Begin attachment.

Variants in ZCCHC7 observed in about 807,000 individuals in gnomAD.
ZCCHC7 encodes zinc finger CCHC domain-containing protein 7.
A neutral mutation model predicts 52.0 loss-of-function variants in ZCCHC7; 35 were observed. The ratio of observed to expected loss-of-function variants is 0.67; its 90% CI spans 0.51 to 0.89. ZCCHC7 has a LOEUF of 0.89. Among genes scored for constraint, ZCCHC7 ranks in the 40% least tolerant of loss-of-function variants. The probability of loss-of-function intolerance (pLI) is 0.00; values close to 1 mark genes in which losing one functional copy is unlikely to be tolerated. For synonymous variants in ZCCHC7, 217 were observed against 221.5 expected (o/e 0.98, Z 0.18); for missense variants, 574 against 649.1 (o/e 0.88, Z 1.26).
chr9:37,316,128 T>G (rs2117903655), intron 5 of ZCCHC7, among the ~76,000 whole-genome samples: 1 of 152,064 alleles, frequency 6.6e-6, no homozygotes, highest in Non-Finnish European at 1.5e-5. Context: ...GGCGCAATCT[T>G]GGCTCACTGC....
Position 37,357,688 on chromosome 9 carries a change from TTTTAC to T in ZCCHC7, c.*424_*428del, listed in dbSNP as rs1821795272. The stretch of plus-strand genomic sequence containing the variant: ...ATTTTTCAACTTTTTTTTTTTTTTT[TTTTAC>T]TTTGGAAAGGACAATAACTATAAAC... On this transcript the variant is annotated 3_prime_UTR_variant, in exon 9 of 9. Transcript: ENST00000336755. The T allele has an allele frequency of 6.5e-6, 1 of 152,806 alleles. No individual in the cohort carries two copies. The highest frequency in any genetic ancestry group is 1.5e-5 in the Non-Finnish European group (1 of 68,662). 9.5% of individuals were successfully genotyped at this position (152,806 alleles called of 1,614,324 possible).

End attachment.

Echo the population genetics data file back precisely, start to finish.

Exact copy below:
Variants in ZCCHC7 observed in about 807,000 individuals in gnomAD.
ZCCHC7 encodes zinc finger CCHC domain-containing protein 7.
A neutral mutation model predicts 52.0 loss-of-function variants in ZCCHC7; 35 were observed. The ratio of observed to expected loss-of-function variants is 0.67; its 90% CI spans 0.51 to 0.89. ZCCHC7 has a LOEUF of 0.89. Among genes scored for constraint, ZCCHC7 ranks in the 40% least tolerant of loss-of-function variants. The probability of loss-of-function intolerance (pLI) is 0.00; values close to 1 mark genes in which losing one functional copy is unlikely to be tolerated. For synonymous variants in ZCCHC7, 217 were observed against 221.5 expected (o/e 0.98, Z 0.18); for missense variants, 574 against 649.1 (o/e 0.88, Z 1.26).
chr9:37,316,128 T>G (rs2117903655), intron 5 of ZCCHC7, among the ~76,000 whole-genome samples: 1 of 152,064 alleles, frequency 6.6e-6, no homozygotes, highest in Non-Finnish European at 1.5e-5. Context: ...GGCGCAATCT[T>G]GGCTCACTGC....
Position 37,357,688 on chromosome 9 carries a change from TTTTAC to T in ZCCHC7, c.*424_*428del, listed in dbSNP as rs1821795272. The stretch of plus-strand genomic sequence containing the variant: ...ATTTTTCAACTTTTTTTTTTTTTTT[TTTTAC>T]TTTGGAAAGGACAATAACTATAAAC... On this transcript the variant is annotated 3_prime_UTR_variant, in exon 9 of 9. Transcript: ENST00000336755. The T allele has an allele frequency of 6.5e-6, 1 of 152,806 alleles. No individual in the cohort carries two copies. The highest frequency in any genetic ancestry group is 1.5e-5 in the Non-Finnish European group (1 of 68,662). 9.5% of individuals were successfully genotyped at this position (152,806 alleles called of 1,614,324 possible).